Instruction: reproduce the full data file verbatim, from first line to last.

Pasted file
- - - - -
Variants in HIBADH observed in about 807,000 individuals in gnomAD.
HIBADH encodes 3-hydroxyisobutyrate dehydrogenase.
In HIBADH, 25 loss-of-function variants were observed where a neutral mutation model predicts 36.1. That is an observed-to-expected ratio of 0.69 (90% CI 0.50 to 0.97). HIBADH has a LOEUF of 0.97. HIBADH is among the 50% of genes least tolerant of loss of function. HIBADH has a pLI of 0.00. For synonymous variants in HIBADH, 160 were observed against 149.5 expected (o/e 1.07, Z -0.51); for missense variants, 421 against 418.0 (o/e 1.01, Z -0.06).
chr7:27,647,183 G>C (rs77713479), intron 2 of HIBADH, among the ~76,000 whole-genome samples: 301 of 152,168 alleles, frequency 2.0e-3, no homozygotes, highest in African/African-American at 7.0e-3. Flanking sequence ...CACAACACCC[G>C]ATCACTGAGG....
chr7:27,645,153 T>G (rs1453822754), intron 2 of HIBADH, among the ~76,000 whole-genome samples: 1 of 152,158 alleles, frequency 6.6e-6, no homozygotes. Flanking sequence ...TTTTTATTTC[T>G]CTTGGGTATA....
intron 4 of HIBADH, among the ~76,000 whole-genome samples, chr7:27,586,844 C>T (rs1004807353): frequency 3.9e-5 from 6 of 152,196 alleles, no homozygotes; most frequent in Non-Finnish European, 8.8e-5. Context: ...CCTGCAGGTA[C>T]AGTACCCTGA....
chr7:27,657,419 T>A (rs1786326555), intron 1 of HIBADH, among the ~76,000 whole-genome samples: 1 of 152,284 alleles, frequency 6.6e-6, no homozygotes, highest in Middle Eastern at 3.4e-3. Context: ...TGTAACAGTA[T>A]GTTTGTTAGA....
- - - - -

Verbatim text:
Variants in HIBADH observed in about 807,000 individuals in gnomAD.
HIBADH encodes 3-hydroxyisobutyrate dehydrogenase.
In HIBADH, 25 loss-of-function variants were observed where a neutral mutation model predicts 36.1. That is an observed-to-expected ratio of 0.69 (90% CI 0.50 to 0.97). HIBADH has a LOEUF of 0.97. HIBADH is among the 50% of genes least tolerant of loss of function. HIBADH has a pLI of 0.00. For synonymous variants in HIBADH, 160 were observed against 149.5 expected (o/e 1.07, Z -0.51); for missense variants, 421 against 418.0 (o/e 1.01, Z -0.06).
chr7:27,647,183 G>C (rs77713479), intron 2 of HIBADH, among the ~76,000 whole-genome samples: 301 of 152,168 alleles, frequency 2.0e-3, no homozygotes, highest in African/African-American at 7.0e-3. Flanking sequence ...CACAACACCC[G>C]ATCACTGAGG....
chr7:27,645,153 T>G (rs1453822754), intron 2 of HIBADH, among the ~76,000 whole-genome samples: 1 of 152,158 alleles, frequency 6.6e-6, no homozygotes. Flanking sequence ...TTTTTATTTC[T>G]CTTGGGTATA....
intron 4 of HIBADH, among the ~76,000 whole-genome samples, chr7:27,586,844 C>T (rs1004807353): frequency 3.9e-5 from 6 of 152,196 alleles, no homozygotes; most frequent in Non-Finnish European, 8.8e-5. Context: ...CCTGCAGGTA[C>T]AGTACCCTGA....
chr7:27,657,419 T>A (rs1786326555), intron 1 of HIBADH, among the ~76,000 whole-genome samples: 1 of 152,284 alleles, frequency 6.6e-6, no homozygotes, highest in Middle Eastern at 3.4e-3. Context: ...TGTAACAGTA[T>A]GTTTGTTAGA....